When it comes to year-end associate bonuses, it appears the legal industry’s top tier still follows Cravath, Swaine & Moore.

In the wake of Monday’s announcement that Cravath would dole out more extra cash to its 372 junior lawyers in 2012 than it did in 2011, The Am Law Daily wondered whether other large law firms would soon follow suit as usual—or hold back amid what industry watchers predict will, in general, prove to be an anemic year on the revenue front.

A dozen Am Law 100 firms were mostly mum in response to our initial inquiries on the subject. As of Thursday, however, four of those firms—Paul, Weiss, Rifkind, Wharton & Garrison; Proskauer Rose; Simpson Thacher & Bartlett; and Skadden, Arps, Slate, Meagher & Flom—had informed their associates that history would indeed be repeating itself this year and that they would be matching the bonus scale established by Cravath.

By way of reminder, that scale is as follows:

Class of 2012 — $10,000 (prorated)
Class of 2011 — $10,000
Class of 2010 — $14,000
Class of 2009 — $20,000
Class of 2008 — $27,000
Class of 2007 — $34,000
Class of 2006 — $40,000
Class of 2005 — $50,000
Class of 2004 — $60,000

All of the early adopters to the associate-bonus game appear to be having a solid year, despite a slowdown across the legal industry. At Paul Weiss, for instance, associates are on track to bill an average of 2,000 hours, according to a source at the firm speaking on condition of anonymity. That compares to a nationwide associate average of less than 1,800 hours found in a recent survey by Wells Fargo, says Jeff Grossman, the national managing director of the bank’s legal specialty group.

Skadden and Simpson, meanwhile, have been among the busiest firms in the realm of M&A work, according to a Mergermarket ranking of legal advisers based on the value of deals handled (Skadden ranks third with $190.99 billion in deals for the first three-quarters of the year. Simpson is ninth with $103.59 billion.)

Simpson Thacher was the first of Cravath’s peers to fall in line, informing associates about its bonus plans in an early Wednesday memo from chair Peter Ruegger (first posted on Above the Law) that said the extra compensation would be paid on December 28.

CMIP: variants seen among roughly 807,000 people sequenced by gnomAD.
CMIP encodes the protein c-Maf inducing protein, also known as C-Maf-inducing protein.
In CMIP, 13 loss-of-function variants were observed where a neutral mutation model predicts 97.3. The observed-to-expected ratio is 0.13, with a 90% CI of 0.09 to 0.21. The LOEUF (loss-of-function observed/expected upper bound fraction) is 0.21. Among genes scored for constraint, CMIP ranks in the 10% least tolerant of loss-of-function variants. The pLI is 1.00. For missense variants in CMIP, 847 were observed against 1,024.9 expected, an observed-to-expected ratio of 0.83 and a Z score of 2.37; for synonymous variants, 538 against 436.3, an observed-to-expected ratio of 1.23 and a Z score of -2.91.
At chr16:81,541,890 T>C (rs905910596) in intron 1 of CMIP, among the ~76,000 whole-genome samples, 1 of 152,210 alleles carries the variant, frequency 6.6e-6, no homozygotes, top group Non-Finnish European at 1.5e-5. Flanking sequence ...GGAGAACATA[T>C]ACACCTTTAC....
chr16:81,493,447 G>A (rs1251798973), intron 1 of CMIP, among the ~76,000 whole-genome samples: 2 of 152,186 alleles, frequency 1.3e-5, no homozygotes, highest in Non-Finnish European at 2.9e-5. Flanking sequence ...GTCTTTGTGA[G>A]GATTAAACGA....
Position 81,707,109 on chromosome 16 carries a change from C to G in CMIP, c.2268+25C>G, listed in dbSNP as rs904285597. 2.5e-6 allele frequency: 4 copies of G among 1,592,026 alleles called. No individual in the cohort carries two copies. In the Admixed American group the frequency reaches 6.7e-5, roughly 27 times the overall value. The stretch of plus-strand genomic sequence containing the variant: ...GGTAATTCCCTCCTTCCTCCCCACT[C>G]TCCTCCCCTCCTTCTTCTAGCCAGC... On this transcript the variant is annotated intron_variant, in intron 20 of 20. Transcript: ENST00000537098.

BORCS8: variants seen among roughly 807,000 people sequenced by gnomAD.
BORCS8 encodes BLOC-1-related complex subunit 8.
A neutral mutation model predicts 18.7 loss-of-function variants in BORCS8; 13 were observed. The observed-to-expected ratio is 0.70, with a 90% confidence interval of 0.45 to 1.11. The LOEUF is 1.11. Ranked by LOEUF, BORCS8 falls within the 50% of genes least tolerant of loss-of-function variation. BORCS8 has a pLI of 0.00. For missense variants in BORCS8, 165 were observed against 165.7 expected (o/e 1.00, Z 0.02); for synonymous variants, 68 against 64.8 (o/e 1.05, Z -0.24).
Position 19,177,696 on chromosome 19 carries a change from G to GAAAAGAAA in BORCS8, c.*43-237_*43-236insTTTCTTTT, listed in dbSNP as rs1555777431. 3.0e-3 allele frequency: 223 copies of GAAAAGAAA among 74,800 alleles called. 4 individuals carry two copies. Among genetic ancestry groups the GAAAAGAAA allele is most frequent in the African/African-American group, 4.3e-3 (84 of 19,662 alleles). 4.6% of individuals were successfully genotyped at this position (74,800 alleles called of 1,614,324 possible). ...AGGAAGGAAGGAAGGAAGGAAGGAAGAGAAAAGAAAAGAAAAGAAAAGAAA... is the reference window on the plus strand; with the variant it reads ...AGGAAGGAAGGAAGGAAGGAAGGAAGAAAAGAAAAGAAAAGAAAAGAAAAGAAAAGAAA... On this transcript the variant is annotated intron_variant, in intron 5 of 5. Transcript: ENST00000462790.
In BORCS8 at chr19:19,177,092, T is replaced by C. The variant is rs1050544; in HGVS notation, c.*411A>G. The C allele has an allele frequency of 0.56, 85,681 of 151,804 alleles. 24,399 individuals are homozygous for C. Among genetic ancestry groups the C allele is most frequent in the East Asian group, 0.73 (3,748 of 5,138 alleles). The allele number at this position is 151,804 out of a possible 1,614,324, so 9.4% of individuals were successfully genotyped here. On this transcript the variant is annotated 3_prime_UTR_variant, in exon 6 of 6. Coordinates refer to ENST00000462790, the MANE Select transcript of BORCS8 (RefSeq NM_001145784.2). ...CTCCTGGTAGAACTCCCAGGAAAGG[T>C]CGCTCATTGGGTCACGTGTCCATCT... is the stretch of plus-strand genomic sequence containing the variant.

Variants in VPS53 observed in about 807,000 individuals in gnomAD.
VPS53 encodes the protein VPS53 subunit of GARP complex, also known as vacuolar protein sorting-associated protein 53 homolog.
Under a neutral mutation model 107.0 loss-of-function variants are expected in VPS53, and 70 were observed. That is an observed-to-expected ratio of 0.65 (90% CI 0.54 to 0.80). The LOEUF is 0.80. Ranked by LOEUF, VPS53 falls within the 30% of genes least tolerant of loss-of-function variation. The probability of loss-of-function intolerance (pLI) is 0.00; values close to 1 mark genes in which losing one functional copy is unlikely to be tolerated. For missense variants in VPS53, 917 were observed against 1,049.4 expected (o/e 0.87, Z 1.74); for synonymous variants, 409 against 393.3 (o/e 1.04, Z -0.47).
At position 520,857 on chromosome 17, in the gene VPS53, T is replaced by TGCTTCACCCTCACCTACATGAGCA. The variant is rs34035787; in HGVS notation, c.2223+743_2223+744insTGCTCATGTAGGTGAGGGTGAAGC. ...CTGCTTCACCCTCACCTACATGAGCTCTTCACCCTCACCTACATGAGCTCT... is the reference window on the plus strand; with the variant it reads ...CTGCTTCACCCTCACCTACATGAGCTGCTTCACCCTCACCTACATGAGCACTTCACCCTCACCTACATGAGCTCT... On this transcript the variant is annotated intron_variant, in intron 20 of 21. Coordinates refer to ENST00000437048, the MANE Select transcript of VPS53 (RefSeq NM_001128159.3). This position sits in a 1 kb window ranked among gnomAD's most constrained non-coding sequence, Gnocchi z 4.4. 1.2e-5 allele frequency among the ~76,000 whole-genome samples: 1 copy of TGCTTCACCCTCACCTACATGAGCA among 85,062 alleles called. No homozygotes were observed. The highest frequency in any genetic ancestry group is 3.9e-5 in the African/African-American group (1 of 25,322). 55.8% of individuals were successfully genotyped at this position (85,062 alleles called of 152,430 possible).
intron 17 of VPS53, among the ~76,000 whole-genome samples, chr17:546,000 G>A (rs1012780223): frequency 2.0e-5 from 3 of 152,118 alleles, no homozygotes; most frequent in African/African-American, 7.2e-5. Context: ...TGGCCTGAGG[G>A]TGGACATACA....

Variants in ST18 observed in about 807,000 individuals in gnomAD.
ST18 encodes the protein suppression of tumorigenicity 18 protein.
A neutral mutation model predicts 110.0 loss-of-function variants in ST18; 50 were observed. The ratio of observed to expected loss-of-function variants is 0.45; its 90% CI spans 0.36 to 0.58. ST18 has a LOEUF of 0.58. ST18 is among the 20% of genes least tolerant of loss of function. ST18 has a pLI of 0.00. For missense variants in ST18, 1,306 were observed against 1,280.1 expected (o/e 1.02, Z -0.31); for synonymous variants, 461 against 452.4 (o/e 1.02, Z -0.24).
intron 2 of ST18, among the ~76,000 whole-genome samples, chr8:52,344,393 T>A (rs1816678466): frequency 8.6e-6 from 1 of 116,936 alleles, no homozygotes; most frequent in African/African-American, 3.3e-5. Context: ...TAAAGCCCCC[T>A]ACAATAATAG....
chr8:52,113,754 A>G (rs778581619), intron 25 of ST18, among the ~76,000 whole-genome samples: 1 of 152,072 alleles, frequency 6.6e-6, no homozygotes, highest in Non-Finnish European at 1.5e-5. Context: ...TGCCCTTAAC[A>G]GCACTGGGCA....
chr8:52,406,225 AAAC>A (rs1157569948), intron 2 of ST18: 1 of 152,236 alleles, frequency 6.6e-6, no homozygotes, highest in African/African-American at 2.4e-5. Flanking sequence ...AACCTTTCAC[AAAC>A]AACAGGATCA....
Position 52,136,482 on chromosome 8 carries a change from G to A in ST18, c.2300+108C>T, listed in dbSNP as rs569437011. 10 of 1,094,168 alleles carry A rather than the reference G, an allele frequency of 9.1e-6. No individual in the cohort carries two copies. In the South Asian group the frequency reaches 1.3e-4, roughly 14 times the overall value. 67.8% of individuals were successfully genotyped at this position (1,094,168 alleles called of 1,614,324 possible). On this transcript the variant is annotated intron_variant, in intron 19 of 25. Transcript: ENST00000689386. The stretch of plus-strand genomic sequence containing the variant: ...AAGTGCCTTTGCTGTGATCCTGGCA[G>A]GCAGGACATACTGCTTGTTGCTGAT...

In a note that hit in-boxes a bit later in the day, Skadden executive partner Eric Friedman told the firm’s more than 1,000 associates that payments will go out December 21 to “associates in good standing who have been reasonably busy over the course of the year.” Skadden’s scale also makes two slight distinctions for the most junior and most senior associates, specifying that the class of 2012 that started this fall will receive $2,500 and that associates more senior than the class of 2004 will also receive $60,000.

Paul Weiss chair Brad Karp noted in his email announcing the firm’s bonus scale that associates who predate the class of 2004 will get the same $60,000 the members of that class will receive.

Proskauer’s executive committee sent its 445 associates an email Thursday afternoon laying out Cravath-scale bonuses to be paid December 28. The memo says that those with more seniority than members of class of 2004 will receive individualized bonuses.

The Proskauer memo—a copy of which was obtained by The Am Law Daily—boasts somewhat broadly about the firm’s “very successful year,” saying: “We served our clients with distinction; worked on significant and high-profile matters; welcomed new colleagues of enormous talent; and maintained our momentum across all practice areas and offices.” The memo continues: “While we are immensely proud of our 137-year history we remain relentlessly focused on our future, which has never been brighter.”

Though Cravath’s year-end bonuses are bigger this year than they were in 2011, the total extra compensation its associates are getting in 2012 is actually down slightly from last year, when the firm—like many of its top-tier rivals—gave out spring bonuses. The bonuses also pale when compared to the prerecession peak, when Cravath gave seventh-year associates special bonuses of between $10,000 and $50,000 on top of regular bonuses of $60,000.

Other top-tier firms are likely to match Cravath’s scale to keep a competitive edge in the marketplace, particularly for the recruiting of first-year associates. Matt Schwartz, a legal recruiter in the Washington, D.C., area focused exclusively on associates, says once associates are looking to jump from one firm to another, the minutiae of bonuses becomes less important.

“It’s very rare people move for money,” Schwartz says. “Though there certainly can be grumblings if people feel bonuses are not high enough.”

Julie Triedman contributed reporting.